Usually I'd do this efficiently in PostgreSQL/PostGIS (and would always recommend to have a look into SQL awesomeness), but I had a simple case to solve in pyqgis a few weeks ago.

The fairly simple script evolves around creating a dict with QgsSpatialIndex objects for each distinct value in the JL_FIELD (in my case, both layers had the exact same distinct values), i.e. that attribute you want to match on, from the JOIN_LYR and execute their .nearestNeighbor() method for each point in the BASE_LYR with matching BL_FIELD.

Run this from within QGIS (Python Console) and with your layers loaded into the project:

### setup

## input vars
BASE_LYR = '<base_lyr>'     # layer to which you want to find NNs and add their attributes
JOIN_LYR = '<join_lyr>'     # layer to find the NNs from
BL_FIELD = '<bl_field>'     # field to match in BASE_LYR
JL_FIELD = '<jl_field>'     # field to match in JOIN_LYR
_PREFIX  = '<prefix>'       # prefix to add to appended fields

## working vars 
indexes = {}
attributes = {}
fields = []


### create dict of 'QgsSpatialIndex' objects for each distinct value in JL_FIELD

## process JOIN_LYR first
layer = QgsProject.instance().mapLayersByName(JOIN_LYR)[0]

## add _PREFIX to field (!not safe for provider dependent field name length!)
for field in layer.fields():
    field.setName(_PREFIX + field.name())
    fields.append(field)

## get names into list for faster lookups later
_names = [field.name() for field in fields]

## iterate features of JOIN_LYR...
for feature in layer.getFeatures():

    _mf = feature[JL_FIELD]

    ## ...and if the dict key for JL_FIELD exists, add the feature to its 'QgsSpatialIndex'...
    if _mf in indexes:
        indexes[_mf].insertFeature(feature)

    ## ...or create the key and 'QgsSpatialIndex' and insert feature
    else:        
        indexes[_mf] = QgsSpatialIndex()
        indexes[_mf].insertFeature(feature)

    ## also, extract the attributes and combine with new field names for faster lookup later
    attributes[feature.id()] = dict(zip(_names, feature.attributes()))


### get nearest neighbors and add their and attributes

## process BASE_LYR
layer = QgsProject.instance().mapLayersByName(BASE_LYR)[0]

## just to see some progress in QGIS Python Console...
_cnt = layer.featureCount()

## open layer in edit session, with auto-commit or -rollback
with edit(layer):

    ## add fields from JOIN_LYR to BASE_LYR
    for field in fields:
        layer.addAttribute(field)

    ## iterate over features
    for i, feature in enumerate(layer.getFeatures()):

        ## silly way to show percentage in 10% steps
        if i / _cnt * 100 % 10 <= 0.001:
            print('{}%'.format(int(i / _cnt * 100)))

        ## find actual nearest neighbor in 'QgsSpatialIndex' object at the dict key of this features BL_FIELD value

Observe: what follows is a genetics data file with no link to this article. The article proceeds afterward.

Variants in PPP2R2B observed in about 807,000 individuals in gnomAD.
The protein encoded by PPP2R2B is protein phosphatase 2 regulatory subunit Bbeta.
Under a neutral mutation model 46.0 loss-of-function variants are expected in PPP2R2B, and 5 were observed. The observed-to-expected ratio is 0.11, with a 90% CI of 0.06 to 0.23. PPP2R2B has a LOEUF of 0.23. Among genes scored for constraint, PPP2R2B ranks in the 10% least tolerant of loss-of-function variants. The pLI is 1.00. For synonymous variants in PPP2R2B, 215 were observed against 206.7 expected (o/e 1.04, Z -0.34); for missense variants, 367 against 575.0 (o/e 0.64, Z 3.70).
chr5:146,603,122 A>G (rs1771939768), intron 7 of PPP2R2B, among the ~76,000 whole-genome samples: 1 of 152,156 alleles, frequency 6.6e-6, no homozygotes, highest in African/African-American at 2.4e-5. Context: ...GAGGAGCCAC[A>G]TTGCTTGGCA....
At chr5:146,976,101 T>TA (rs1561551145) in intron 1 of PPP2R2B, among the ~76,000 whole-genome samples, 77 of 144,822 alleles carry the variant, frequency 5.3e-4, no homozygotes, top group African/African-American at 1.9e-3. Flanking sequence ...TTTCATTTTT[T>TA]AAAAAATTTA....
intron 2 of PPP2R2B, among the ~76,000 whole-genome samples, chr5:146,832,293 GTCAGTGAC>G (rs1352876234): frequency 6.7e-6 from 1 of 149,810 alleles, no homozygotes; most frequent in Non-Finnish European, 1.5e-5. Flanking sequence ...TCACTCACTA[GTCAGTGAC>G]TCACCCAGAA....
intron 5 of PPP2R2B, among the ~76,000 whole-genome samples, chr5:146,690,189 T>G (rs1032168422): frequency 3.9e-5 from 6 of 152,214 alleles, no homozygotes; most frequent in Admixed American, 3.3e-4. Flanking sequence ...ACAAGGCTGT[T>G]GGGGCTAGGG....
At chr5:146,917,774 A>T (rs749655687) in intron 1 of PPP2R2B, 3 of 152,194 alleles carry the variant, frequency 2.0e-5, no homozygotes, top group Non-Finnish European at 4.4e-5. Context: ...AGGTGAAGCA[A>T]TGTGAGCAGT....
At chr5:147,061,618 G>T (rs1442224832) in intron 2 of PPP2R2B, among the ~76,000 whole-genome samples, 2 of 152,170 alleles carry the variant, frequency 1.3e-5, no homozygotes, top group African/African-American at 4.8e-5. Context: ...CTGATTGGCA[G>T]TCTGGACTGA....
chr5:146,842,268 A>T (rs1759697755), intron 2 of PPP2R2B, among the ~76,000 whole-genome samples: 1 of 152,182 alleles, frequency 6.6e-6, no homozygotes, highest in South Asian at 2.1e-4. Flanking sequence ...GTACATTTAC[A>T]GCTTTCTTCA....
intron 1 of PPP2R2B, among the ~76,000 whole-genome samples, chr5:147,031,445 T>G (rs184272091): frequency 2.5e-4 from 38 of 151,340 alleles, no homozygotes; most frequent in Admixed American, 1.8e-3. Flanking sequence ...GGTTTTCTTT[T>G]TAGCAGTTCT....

nn = indexes[feature[BL_FIELD]].nearestNeighbor(feature.geometry().asPoint(), 1)[0]

        ## append the attributes
        for field, value in attributes[nn].items():
            feature.setAttribute(field, value)

        ## initialize the updates  
        layer.updateFeature(feature)

    ## done
    print('100%')

I had no time for fancyness, any form of fallback or error catching, and this has some parts rather intolerant towards uncommon values and such, so there is plenty room for conceptual improvement, but this worked for me with reasonable performance. See if you can adapt to your case...

Btw., I had about 450 distinct values (and thus QgsSpatialIndex objects) and 40k features in JL_LAYER.

Note that QgsSpatialIndex does only compare the bbox extent; for non-point geometries this will not fully guarantee the actual closest match. If you find some mismatches, you can e.g. implement a second step to measure the actual distance for when .nearestNeighbor() returns more than one feature.

  • +1. I will need to compare accuracy and performance with the second answer in order to select the bounty winner – radouxju Oct 19 '18 at 10:16
  • difficult choice, but your method is a little bit faster. You should however consider that there is not necessarily a match on, so you need to add a test before line "nn = indexes..." – radouxju Oct 22 '18 at 7:04
  • @radouxju thx. this is tailored to my usecase, e.g. the data was guaranteed to have a match for each category. I added this for the sake of concept; only a bunch of lines of code, dict driven and index powered. I also had reasonable success using multiple processes, with the memory footprint being the bottleneck. if firefly-orange's script is already suited for universal usage, and with only 'a little bit' of speed difference, his/her answer might deserve the credits? – ThingumaBob Oct 22 '18 at 7:22
  • I know, but 1) I didn't post this question, otherwise I could have accepted his answer and 2) bounty must be uniquely assigned. The most credit I could give in this case was +1. I guess that other people will find his answer usefull and also upvote. – radouxju Oct 22 '18 at 7:29